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Farmer Dave
What are some good home made remedies for lawn weed control, pest control, fungus control, and fertilizer that really work.

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Check out the various GROUPS.  There is a world of knowlege and information from real people (KGI members) with real experiences available. Stay natural, David 
A RECIPES page for home-made remedies that work would be handy. I wanted to cut & paste the remedy for Powdery Mildew that I've posted in Groups on KGI at least 3 times & today SEARCH isn't showing it. I don't have reading time at the moment to try to find it ... Here's a remedy that I have used for years on Powdery Mildew. It stops the PM & restores the "look" of the plants for the season, with some repeats on especially susceptible plants - such as the Aster Laevis in my Profile photo, which I have planted in many big gardens for it's beautiful shiny Emerald-green foliage throughout the season & masses of lavender Asters starting about mid-September & blooming profusely until hard frosts & snowfall. It is a great late bee plant! In a quart spray bottle of water, hot if possible, add ~1/4 c. canola oil & 1T Ivory dish soap liquid. Mix by turning the bottle & keep mixed as you spray affected leaves & stems top & bottom. Powdery Mildew is a parasite & the oil interrupts it's connection to the host plant. You could mix this up in a larger sprayer, but I have used just a quart bottle on large plant installations. Joel tried this on his Currants or Gooseberries & said the PM came back - I suggested using a bit more oil if the infestation is persistent or the plant is especially susceptible or leafy to spray. I have sometimes repeated spraying, but the 1st application has saved gardens from ruin many times. After I first posted this on KGI I noticed some research at Woods End Labs online that said raw Canola oil can be considered an adjuvant for supporting beneficial bacterial life on plants, when used in compost tea. I have used only cooking Canola oil in this spray - but there may be a benefit beyond physical action. Josephine added that Canola is from the mustard family, so the processed oil may retain some of it's sulphur-ey compounds.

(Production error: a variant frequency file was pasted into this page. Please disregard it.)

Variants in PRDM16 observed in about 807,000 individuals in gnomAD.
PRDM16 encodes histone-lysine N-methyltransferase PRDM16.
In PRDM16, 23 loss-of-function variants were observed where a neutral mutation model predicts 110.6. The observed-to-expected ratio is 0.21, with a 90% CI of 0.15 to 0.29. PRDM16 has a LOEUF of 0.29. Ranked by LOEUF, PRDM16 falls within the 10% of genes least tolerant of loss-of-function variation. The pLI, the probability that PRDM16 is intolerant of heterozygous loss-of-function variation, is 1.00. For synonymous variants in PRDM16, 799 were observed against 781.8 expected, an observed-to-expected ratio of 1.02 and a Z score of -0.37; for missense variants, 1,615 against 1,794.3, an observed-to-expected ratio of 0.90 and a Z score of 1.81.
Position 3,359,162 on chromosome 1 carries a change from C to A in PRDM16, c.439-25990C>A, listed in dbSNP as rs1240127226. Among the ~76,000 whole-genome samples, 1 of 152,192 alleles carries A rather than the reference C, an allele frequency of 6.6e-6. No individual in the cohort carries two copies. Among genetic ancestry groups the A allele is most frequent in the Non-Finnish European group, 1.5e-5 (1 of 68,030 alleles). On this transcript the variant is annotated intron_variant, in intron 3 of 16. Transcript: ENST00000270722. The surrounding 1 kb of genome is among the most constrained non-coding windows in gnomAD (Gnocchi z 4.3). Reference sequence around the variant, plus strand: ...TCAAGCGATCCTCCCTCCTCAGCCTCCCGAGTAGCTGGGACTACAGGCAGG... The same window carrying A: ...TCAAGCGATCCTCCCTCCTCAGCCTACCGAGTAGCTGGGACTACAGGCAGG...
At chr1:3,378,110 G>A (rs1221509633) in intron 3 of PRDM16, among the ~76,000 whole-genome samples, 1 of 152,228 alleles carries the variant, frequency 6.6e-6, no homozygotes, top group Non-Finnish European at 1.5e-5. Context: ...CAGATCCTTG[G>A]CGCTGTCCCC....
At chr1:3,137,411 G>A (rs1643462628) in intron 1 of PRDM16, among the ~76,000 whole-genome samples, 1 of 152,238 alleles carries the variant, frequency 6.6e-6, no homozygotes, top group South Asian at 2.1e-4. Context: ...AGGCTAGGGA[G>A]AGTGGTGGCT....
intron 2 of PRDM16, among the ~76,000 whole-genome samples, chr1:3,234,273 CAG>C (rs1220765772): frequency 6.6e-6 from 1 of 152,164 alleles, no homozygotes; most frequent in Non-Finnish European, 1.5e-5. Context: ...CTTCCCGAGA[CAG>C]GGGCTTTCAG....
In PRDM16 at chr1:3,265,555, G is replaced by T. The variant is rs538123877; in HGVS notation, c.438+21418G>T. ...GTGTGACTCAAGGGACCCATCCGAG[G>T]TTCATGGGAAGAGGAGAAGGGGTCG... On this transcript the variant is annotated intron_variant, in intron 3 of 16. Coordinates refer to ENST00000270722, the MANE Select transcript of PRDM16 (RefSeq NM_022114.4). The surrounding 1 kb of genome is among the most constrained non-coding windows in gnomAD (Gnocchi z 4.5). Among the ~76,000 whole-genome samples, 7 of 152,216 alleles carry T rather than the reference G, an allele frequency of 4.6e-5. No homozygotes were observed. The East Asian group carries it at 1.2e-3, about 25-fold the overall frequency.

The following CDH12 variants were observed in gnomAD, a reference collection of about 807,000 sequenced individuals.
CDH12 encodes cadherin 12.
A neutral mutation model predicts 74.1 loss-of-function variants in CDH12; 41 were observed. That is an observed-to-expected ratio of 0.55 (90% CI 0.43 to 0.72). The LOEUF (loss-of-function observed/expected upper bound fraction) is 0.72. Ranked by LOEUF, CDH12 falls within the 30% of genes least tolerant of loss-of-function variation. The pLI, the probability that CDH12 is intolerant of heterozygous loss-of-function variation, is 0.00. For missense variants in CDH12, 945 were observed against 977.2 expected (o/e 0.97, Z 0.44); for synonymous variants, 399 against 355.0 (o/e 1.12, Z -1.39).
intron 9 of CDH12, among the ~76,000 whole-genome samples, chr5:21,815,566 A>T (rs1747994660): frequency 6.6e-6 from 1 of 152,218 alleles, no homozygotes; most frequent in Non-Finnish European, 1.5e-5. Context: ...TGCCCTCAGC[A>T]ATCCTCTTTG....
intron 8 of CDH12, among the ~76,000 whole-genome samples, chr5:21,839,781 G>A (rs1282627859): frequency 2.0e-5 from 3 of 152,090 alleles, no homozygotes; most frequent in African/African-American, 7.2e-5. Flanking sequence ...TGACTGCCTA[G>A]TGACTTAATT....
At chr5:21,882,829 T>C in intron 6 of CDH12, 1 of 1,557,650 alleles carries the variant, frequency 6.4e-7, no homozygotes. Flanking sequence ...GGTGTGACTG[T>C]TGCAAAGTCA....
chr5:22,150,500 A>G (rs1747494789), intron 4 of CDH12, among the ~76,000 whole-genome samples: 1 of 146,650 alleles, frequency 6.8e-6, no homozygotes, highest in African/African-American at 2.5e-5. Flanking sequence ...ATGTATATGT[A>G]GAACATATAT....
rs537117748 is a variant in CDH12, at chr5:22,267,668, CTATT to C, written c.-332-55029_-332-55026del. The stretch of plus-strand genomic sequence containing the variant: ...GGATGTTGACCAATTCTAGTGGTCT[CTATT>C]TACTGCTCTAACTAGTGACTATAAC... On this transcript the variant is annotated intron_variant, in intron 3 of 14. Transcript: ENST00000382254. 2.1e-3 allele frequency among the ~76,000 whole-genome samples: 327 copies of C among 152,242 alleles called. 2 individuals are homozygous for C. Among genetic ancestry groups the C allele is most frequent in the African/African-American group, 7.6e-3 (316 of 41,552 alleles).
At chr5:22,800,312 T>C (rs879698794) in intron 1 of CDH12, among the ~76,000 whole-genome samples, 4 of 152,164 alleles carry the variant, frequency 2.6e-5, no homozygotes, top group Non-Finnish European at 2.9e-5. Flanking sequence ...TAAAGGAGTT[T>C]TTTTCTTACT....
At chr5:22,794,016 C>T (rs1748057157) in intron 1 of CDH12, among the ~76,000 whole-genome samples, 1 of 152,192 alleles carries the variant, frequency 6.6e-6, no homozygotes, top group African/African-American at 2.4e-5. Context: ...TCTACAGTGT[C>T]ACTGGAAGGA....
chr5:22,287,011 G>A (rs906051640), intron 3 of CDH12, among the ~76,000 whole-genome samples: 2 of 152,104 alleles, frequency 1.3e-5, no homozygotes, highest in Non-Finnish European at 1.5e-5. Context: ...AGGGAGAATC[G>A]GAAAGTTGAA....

Many gardeners and groundskeepers are under the mistaken impression that lawn moles eat the roots of their plants and turf grasses. However, moles are insectivores. Their primary diet is earthworms and grubs and a single mole can eat more than 140 grubs and cutworms daily. They also feast on destructive garden pests like snails, beetles, and millipedes. In fact, at just over a quarter-pound, a mole can consume 45 to 50 pounds of worms and insects each year.The greatest harm that mole tunneling does to turf grass is by separating soil from roots. Still, the mole's digging actually improves soil quality by turning and aerating the soil and mixing accumulated nutrients throughout the excavation.Brianhow to get rid of mice for beginners
I will suggest you to better call a Pest Control Exterminator they will help you out in a Best way without harming your lawns.

 

 

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